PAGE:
Some memories are just tiny pieces of inconsequential experiences. One that comes to mind for me is about my dad and popcorn nights. No kidding!
When I was a kid popcorn didn't come out of a bag, there were no air-poppers, and Jiffy Pop was a luxury invented in 1959 that wouldn't be affordable at our house for at least 5-10 more years. No, popcorn at the Brooks house was made on the stovetop in one of the pots that mom kept for daily use in her kitchen cupboards. Into the pot went some Crisco, a cup of popcorn, and we waited. When the kernels were heard beginning to pop on the inside, the maker began to aggressively shake the pot while it rested on the red hot burner. The anticipation grew. The routine was the same, each and every time.
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He looked me in the eyes with a disappointment that I hadn’t seen before and said, “You’re breaking your mother’s heart.”
There was strength in his voice and a glistening dampness in his eyes when he spoke. He didn’t need to say more. Those five words, spoken by my dad in the living room of the home where I was raised, landed on my ears with a force that he couldn’t have imagined. A message that took only seconds deliver has stuck with me, unforgotten, for nearly forty years. His message was clear. He was reminding me that my mom – the love of his life – was the person on this earth that he cherished the most. The woman he had spent a lifetime with. The person that he protected from all forms of pain… even if it required the toughest of conversations with his only son. And he was right. My mom was an angel. His angel.
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I was 25 and after three years of marriage had just celebrated becoming a father for the first time. I was so proud. I’d watched my parents raise their five children (especially my little sisters) and love their grandchildren for years. My mom’s home was always open and the love for her family was genuine and immense. There was never a hesitation about being involved and helping as each grandchild was welcomed into the growing family. It was the way it had always been. Until then.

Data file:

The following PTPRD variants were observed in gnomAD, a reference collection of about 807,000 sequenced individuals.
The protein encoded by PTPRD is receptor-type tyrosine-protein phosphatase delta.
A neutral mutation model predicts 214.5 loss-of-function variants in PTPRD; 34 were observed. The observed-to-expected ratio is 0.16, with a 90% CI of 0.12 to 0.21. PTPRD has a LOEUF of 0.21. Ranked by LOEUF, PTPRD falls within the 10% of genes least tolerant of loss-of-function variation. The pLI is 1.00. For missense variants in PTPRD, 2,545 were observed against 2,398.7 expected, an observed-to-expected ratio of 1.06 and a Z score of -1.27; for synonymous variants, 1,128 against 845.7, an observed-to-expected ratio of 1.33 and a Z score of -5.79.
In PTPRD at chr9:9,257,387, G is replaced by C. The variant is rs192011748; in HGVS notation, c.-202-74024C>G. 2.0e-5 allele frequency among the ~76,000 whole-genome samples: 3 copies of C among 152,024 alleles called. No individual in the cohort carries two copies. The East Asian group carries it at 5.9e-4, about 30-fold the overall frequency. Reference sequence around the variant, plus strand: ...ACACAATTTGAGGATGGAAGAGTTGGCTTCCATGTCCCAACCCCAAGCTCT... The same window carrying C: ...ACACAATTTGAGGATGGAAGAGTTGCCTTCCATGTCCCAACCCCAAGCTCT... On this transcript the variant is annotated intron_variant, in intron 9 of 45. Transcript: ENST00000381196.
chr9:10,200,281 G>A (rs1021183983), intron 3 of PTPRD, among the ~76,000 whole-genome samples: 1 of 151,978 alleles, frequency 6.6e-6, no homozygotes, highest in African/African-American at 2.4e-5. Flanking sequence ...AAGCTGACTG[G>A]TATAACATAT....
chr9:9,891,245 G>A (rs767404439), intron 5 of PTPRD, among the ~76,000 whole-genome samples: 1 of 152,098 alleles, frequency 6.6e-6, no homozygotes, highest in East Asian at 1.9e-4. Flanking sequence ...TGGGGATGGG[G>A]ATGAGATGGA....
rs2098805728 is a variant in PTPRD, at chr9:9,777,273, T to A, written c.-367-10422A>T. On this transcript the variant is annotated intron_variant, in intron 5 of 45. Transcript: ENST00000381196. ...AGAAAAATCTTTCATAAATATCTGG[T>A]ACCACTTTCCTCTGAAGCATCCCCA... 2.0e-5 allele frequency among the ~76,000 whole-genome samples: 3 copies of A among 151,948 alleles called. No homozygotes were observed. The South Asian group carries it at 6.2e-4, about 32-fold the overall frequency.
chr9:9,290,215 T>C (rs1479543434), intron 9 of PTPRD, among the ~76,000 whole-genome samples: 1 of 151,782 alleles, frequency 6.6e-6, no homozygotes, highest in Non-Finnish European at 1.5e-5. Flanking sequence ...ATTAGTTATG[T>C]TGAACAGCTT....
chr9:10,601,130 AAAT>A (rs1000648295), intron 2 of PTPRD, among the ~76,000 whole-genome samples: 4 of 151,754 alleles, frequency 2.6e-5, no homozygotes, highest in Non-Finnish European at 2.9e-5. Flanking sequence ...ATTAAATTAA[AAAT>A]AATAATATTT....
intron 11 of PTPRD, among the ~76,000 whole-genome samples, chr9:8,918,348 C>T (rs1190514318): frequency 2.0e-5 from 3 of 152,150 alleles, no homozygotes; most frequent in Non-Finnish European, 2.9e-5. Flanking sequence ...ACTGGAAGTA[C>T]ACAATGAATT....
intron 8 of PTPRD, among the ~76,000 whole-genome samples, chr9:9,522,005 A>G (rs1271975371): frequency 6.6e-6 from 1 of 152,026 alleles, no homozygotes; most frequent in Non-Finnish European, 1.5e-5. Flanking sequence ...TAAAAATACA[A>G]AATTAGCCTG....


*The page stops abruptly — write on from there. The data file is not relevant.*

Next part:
A job exists that requires more than most of us can imagine. It fact, it could be considered the most important job of all. It's part finance and part operations. It requires experience in medicine, education, and the culinary arts. Those who hold this role must be capable of working long hours for consecutive days and weeks without interruption. They must be highly mobile, willing to put the needs of the people they serve above their own, and do so without expectation of financial compensation.
To most of us, the discription of a role like this one turns our minds to days of indentured servants. The requirements are so heavily out of balance with the benefits and rewards. Or are they? Those that have held the role seldom complain. Instead, they truly love the people they serve and expect very little in return for their years and years of emotional and physical support.
We know these people. They took care of us when we needed them most. These people are our mothers and the role is that of our mom.
With Mother's Day just ahead, this video caught my attention. Take a look. Then make your mom a card.
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I was on my way to bed thinking that I might catch the end of the Mariner's game before falling to sleep. Instead, I stopped at my desk and searched the web for my daughter's weekly column in the WSU Daily Evergreen. It's Mom's Weekend at WSU and Cindy is there with the twins to enjoy some time together. I had a hunch that Abby may have written a special column for her mom this week. I wasn't disappointed. This is what I found.
Writing For Mom: The Only Opinion That Matters.
I have been in a serious relationship for more than 20 years. She's an older woman, but age is just a number, isn't it?
As a sex and relationship columnist, I have had the opportunity to reflect on the many different relationships in my life and evaluate their importance to me. This week, I had the privilege of reflecting on the most important relationship in my life: the one between me and my mother.
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Where Technology and Marketing Meet.
If you're an IT professional, you've likely heard this a thousand times from marketing colleagues in your company: "I don't care about the code or how it happens, I just want it to work!" That's usually followed by an enthusiastic shout, "And I want it NOW!" Am I right?
We marketing types are about quick, nimble, and responsive. We care more about why, what, and when than we do about how or how much. Process isn't part of our wiring. But you knew that.
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